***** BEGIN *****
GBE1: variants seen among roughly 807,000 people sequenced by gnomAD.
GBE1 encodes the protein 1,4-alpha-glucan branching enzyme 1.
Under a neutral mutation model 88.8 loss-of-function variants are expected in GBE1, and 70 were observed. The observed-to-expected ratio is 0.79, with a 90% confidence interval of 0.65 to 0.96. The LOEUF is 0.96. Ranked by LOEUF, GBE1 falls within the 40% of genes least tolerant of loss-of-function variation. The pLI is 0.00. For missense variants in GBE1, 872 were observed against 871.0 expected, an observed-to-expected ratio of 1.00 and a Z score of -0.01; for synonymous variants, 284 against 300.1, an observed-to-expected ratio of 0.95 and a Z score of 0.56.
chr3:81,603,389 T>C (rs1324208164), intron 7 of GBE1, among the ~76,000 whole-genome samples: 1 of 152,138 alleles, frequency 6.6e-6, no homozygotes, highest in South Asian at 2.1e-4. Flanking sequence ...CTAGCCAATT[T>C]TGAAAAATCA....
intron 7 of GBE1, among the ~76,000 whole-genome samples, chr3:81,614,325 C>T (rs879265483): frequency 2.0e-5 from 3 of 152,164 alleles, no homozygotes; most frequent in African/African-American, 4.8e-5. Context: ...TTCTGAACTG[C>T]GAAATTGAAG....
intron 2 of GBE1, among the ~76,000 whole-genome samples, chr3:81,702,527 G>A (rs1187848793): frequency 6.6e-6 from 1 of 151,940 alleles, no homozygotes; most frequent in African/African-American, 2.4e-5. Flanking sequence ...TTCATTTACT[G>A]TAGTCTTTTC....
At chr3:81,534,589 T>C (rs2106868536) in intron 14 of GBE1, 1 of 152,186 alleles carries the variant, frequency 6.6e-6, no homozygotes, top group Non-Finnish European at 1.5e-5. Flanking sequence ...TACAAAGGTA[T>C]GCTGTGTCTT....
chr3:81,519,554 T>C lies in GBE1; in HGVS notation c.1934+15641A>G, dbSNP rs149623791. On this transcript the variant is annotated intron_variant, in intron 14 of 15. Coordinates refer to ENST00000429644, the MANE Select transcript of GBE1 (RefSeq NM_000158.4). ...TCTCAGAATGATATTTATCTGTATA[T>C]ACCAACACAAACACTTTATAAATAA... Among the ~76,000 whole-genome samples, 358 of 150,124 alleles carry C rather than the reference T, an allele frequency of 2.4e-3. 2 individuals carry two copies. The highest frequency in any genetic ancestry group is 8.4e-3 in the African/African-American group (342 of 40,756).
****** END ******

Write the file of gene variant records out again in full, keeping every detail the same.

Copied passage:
GBE1: variants seen among roughly 807,000 people sequenced by gnomAD.
GBE1 encodes the protein 1,4-alpha-glucan branching enzyme 1.
Under a neutral mutation model 88.8 loss-of-function variants are expected in GBE1, and 70 were observed. The observed-to-expected ratio is 0.79, with a 90% confidence interval of 0.65 to 0.96. The LOEUF is 0.96. Ranked by LOEUF, GBE1 falls within the 40% of genes least tolerant of loss-of-function variation. The pLI is 0.00. For missense variants in GBE1, 872 were observed against 871.0 expected, an observed-to-expected ratio of 1.00 and a Z score of -0.01; for synonymous variants, 284 against 300.1, an observed-to-expected ratio of 0.95 and a Z score of 0.56.
chr3:81,603,389 T>C (rs1324208164), intron 7 of GBE1, among the ~76,000 whole-genome samples: 1 of 152,138 alleles, frequency 6.6e-6, no homozygotes, highest in South Asian at 2.1e-4. Flanking sequence ...CTAGCCAATT[T>C]TGAAAAATCA....
intron 7 of GBE1, among the ~76,000 whole-genome samples, chr3:81,614,325 C>T (rs879265483): frequency 2.0e-5 from 3 of 152,164 alleles, no homozygotes; most frequent in African/African-American, 4.8e-5. Context: ...TTCTGAACTG[C>T]GAAATTGAAG....
intron 2 of GBE1, among the ~76,000 whole-genome samples, chr3:81,702,527 G>A (rs1187848793): frequency 6.6e-6 from 1 of 151,940 alleles, no homozygotes; most frequent in African/African-American, 2.4e-5. Flanking sequence ...TTCATTTACT[G>A]TAGTCTTTTC....
At chr3:81,534,589 T>C (rs2106868536) in intron 14 of GBE1, 1 of 152,186 alleles carries the variant, frequency 6.6e-6, no homozygotes, top group Non-Finnish European at 1.5e-5. Flanking sequence ...TACAAAGGTA[T>C]GCTGTGTCTT....
chr3:81,519,554 T>C lies in GBE1; in HGVS notation c.1934+15641A>G, dbSNP rs149623791. On this transcript the variant is annotated intron_variant, in intron 14 of 15. Coordinates refer to ENST00000429644, the MANE Select transcript of GBE1 (RefSeq NM_000158.4). ...TCTCAGAATGATATTTATCTGTATA[T>C]ACCAACACAAACACTTTATAAATAA... Among the ~76,000 whole-genome samples, 358 of 150,124 alleles carry C rather than the reference T, an allele frequency of 2.4e-3. 2 individuals carry two copies. The highest frequency in any genetic ancestry group is 8.4e-3 in the African/African-American group (342 of 40,756).